Interest in 3D printing living tissues has grown in recent years developing an effective way to use the technology has been difficult, particularly since accurately controlling the position of cells in 3D is hard to do.
As a result, it remains a challenge to print high-resolution living tissues.
Producing printed tissues in this way improves the survival rate of the individual cells, and allowed the team to improve on current techniques by building each tissue one drop at a time to a more favourable resolution.
The method enables the fabrication of patterned cellular constructs, which, once fully grown, mimic or potentially enhance natural tissues.
Dr Alexander Graham, lead author and 3D Bioprinting Scientist at OxSyBio, said: “We were aiming to fabricate three-dimensional living tissues that could display the basic behaviours and physiology found in natural organisms. To date, there are limited examples of printed tissues, which have the complex cellular architecture of native tissues. Hence, we focused on designing a high-resolution cell printing platform, from relatively inexpensive components, that could be used to reproducibly produce artificial tissues with appropriate complexity from a range of cells including stem cells”.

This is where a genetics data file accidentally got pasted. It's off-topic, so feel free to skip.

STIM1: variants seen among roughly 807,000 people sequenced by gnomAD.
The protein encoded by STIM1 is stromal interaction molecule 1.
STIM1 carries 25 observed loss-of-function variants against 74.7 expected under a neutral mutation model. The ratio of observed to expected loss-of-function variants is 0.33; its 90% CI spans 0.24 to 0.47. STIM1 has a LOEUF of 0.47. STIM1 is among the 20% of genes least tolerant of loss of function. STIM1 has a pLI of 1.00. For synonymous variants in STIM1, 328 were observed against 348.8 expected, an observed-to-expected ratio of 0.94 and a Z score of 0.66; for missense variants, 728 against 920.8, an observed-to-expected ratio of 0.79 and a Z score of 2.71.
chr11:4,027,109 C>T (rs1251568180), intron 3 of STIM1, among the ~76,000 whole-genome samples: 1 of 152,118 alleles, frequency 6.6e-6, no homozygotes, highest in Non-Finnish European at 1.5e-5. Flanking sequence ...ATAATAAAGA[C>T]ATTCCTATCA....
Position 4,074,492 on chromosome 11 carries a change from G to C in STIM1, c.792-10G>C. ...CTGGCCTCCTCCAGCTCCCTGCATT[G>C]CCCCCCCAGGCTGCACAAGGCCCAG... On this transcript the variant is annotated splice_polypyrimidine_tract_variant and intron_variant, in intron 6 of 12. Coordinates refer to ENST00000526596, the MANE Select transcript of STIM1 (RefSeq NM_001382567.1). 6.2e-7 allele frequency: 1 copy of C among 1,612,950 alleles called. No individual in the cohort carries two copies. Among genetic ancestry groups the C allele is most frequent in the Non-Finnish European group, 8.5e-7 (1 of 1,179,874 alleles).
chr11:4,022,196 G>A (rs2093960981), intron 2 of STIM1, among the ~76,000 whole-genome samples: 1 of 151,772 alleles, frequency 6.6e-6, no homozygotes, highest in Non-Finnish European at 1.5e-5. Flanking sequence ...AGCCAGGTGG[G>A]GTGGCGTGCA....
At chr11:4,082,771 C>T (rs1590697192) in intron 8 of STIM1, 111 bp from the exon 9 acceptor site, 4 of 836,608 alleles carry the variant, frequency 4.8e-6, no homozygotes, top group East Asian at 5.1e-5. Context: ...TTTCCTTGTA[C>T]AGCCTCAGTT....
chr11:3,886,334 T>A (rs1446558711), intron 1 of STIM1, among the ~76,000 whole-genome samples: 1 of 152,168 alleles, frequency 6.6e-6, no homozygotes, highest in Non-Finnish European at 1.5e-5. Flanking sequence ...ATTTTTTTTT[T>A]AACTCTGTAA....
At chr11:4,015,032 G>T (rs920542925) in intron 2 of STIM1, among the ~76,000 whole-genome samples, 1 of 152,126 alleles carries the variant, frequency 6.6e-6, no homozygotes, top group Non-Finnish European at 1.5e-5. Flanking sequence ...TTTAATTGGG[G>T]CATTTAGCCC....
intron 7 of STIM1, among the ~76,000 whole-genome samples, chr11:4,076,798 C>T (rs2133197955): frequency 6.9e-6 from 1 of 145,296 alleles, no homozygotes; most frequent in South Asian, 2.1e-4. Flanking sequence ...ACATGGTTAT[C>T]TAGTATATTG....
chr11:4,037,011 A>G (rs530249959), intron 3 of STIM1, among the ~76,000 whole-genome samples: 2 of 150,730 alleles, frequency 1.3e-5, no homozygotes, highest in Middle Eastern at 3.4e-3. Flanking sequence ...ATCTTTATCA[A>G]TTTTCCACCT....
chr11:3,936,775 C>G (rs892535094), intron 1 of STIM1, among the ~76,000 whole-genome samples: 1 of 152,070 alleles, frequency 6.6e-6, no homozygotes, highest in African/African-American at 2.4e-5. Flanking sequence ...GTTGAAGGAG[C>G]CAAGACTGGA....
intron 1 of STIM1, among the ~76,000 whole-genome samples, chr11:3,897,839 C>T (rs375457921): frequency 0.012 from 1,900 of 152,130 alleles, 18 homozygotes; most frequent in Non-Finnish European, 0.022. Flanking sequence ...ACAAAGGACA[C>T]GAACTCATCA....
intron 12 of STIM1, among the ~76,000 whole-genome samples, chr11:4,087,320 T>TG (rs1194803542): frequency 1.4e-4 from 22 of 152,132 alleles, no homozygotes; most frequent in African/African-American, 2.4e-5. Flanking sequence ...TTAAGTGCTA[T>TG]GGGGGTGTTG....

Over the coming months they will work to develop new complementary printing techniques, that allow the use of a wider range of living and hybrid materials, to produce tissues at industrial scale.
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